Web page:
Eating Well | Cover Story | Salt Lake City Weekly

March 30, 2016 News » Cover Story

Eating Well 

Dining Guide 2016

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Fill your plates with a heaping side of good karma.

Whether you're looking for a caterer for your next work meeting, in need of a new spot for lunch or just wanting to get your hands dirty by volunteering in a garden, supporting these local businesses and charities goes a long way for your taste buds, as well as our community.

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Spice Kitchen Incubator brings together refugees and other community members interested in starting a full or part-time food business.Spice Kitchen Incubator
Refugees interested in starting a food business are helped by Spice Kitchen Incubator (385-229-4484,, sponsored by the International Rescue Committee and Salt Lake County. Spice Kitchen Incubator provides technical assistance, training and an ample commercial kitchen. You can find menus from its burgeoning catering business on its website and learn how you can get involved. Be sure to keep your eyes peeled for their booths (such as Mother of All Sudanese cuisine, pictured) at area farmers markets and at World Refugee Day on June 4 at Liberty Park. Follow Spice Kitchen Incubator on Facebook and Instagram to keep up with its many entrepreneurs and to find out about opportunities to sample its delicious, authentic food.

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Yardbarkin Hot Sauces
Deb Nahvi and Mindy Bridges are the enthusiastic couple behind Yardbarkin hot sauces. Turning their hobby into a business, they donate a portion of their earnings to animal organizations like Best Friends Animal Society and Ching Farm Rescue and Sanctuary. If you've been to the Wasatch Front Farmers Market at Wheeler's Farm in Murray or Gardner Village in South Jordan, you've noticed them peddling their six flavorful hot sauces amid a crowd of customers and friendly dogs. You can also find their tasty hot sauces on or at Urban Farm & Feed.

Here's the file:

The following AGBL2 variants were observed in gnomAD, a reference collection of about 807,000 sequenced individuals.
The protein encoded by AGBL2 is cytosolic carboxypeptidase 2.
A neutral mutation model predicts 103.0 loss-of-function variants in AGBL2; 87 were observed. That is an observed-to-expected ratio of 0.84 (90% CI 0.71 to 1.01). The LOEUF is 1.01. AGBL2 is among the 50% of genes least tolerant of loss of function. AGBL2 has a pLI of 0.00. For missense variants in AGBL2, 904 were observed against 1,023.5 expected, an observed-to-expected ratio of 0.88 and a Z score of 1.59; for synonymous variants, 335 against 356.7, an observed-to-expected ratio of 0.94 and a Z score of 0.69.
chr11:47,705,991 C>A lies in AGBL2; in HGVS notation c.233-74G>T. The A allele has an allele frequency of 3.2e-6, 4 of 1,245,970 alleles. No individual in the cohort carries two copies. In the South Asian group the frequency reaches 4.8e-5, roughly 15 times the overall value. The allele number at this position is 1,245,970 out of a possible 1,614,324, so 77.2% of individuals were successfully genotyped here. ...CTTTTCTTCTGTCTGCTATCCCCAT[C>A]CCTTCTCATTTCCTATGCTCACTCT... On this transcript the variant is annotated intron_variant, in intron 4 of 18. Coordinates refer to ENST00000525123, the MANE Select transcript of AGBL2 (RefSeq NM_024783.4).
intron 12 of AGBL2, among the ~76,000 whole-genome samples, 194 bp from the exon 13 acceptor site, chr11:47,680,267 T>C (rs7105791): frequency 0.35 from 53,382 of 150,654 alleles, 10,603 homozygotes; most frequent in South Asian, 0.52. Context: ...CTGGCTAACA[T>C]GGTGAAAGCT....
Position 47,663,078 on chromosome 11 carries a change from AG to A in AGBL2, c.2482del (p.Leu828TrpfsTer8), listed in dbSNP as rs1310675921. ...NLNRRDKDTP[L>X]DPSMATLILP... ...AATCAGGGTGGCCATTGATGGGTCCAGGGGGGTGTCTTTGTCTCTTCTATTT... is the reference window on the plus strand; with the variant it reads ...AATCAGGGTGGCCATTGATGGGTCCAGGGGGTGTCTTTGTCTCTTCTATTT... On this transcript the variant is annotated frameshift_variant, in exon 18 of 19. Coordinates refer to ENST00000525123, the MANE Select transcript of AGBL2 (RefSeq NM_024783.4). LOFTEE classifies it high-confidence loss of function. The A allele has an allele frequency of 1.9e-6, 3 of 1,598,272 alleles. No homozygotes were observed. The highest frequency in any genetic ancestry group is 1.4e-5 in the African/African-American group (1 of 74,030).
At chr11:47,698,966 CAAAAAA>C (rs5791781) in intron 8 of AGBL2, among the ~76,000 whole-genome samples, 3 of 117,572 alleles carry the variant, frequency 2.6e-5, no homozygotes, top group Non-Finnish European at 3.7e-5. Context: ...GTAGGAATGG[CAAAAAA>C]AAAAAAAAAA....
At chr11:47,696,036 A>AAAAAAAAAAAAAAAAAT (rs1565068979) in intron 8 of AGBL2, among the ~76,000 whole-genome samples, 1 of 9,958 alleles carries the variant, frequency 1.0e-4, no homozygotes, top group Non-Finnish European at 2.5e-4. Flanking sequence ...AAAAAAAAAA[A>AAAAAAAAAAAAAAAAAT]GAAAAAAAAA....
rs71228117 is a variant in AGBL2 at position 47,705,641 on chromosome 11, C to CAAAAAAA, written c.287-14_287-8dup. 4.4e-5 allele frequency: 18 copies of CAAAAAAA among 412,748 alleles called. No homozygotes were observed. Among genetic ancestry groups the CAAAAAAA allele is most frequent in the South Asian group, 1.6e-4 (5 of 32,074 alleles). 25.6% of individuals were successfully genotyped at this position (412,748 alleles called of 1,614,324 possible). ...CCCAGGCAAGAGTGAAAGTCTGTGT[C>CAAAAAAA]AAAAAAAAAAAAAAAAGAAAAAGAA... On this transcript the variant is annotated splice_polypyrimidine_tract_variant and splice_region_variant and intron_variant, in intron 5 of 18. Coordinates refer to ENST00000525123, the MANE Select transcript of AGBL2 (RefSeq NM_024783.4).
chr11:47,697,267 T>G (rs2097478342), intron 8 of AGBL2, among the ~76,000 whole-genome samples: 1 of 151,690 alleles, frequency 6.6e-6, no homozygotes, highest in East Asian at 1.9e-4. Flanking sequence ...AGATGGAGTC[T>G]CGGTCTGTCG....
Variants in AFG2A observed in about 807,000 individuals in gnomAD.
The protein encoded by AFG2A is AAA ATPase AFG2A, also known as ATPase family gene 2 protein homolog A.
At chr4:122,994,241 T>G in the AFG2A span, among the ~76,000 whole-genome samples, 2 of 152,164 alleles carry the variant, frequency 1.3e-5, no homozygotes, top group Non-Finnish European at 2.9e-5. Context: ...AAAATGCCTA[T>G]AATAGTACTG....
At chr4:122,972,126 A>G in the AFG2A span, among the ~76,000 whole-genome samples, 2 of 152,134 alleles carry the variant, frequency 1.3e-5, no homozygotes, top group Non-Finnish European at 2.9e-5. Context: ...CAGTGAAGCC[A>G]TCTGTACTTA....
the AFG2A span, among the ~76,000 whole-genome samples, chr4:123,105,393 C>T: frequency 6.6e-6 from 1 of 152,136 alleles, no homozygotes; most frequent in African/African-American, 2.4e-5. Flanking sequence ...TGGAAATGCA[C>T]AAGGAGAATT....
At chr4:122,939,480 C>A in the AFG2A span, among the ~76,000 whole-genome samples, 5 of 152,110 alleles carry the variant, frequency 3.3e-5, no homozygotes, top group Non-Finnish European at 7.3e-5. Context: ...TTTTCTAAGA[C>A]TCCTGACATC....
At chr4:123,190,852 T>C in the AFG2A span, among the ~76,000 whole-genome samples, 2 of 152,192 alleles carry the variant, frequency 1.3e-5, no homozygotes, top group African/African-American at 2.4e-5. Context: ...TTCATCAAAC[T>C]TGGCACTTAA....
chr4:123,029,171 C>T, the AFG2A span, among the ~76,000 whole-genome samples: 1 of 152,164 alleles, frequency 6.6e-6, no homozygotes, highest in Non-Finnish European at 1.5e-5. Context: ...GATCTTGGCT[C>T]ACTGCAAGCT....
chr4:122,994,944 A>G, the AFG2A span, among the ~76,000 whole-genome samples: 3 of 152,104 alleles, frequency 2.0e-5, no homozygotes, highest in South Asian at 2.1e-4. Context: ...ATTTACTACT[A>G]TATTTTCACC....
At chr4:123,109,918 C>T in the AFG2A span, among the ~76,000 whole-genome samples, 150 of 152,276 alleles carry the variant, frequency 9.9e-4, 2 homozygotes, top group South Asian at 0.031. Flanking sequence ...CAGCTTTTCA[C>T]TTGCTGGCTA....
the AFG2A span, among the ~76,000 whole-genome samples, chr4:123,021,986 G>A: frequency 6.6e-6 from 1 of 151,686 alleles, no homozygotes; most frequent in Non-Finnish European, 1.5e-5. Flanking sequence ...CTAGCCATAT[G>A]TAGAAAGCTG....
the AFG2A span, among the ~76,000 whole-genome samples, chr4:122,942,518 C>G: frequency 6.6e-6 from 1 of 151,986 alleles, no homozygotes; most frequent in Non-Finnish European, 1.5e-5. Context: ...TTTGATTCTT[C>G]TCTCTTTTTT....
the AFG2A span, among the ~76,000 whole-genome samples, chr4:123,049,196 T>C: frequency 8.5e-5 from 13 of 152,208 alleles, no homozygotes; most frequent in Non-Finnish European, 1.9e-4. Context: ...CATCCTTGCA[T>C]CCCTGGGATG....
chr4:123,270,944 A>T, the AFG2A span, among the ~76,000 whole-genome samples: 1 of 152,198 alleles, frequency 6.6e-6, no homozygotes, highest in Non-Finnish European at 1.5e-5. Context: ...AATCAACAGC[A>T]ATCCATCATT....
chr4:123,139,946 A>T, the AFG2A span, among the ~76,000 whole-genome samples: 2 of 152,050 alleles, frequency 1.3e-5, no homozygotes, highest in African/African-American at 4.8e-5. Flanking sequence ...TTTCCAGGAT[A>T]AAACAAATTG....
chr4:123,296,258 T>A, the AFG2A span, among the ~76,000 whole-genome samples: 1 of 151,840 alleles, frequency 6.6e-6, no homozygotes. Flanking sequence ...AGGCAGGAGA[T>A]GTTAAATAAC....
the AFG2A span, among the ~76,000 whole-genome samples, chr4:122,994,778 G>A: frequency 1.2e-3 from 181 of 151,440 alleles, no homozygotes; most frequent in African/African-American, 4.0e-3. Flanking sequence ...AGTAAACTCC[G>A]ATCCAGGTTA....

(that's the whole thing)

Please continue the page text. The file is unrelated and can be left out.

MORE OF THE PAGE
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The Green Urban Lunch Box
Donate your time, your fruit trees or even your backyard. The Green Urban Lunch Box (801-318-1745, provides hands-on training for urban agriculture through creative programs. Kids are taught about growing food with the aid of an actual school bus turned into a mobile greenhouse. In the FruitShare Program, participants register their fruit trees for extra help with care and harvesting. What they don't want will go to feed the hungry. Elderly community members turn their back yards into urban farms in the Back-Farm Program. The vegetables are divided between the homeowner, the volunteers and hunger-relief organizations.

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3 Squares
Food education for underserved children is the heart of 3 Squares (801-696-5044, Through an after-school program, kids work with local chefs to learn about healthy food choices and making their own meals. Taste of the Wasatch (Sunday, Aug. 7) is the fundraiser behind this nonprofit. Each year, more than 50 chefs, restaurants and bakeries, boutique wineries and craft breweries (alongside hundreds of volunteers) come together to throw a party to raise funds to fight hunger. Guests can enjoy live music, a silent auction and the best food and drink in the state at Solitude Mountain Resort. Get your tickets at

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Even Stevens
Even Stevens ( has earned a reputation as the foremost philanthropic restaurant around by selling craveable sandwiches with the simple concept of donating a sandwich for each one sold. Partnering with local nonprofits, Even Stevens makes sure everybody gets fed. Between its four locations in Utah (downtown Salt Lake City, Sugar House, Draper and St. George), it donated 247,031 sandwiches in 2015 and shows no signs of slowing down. Look for other Even Stevens locations popping up in Intermountain cities like Ogden, Logan and Boise.

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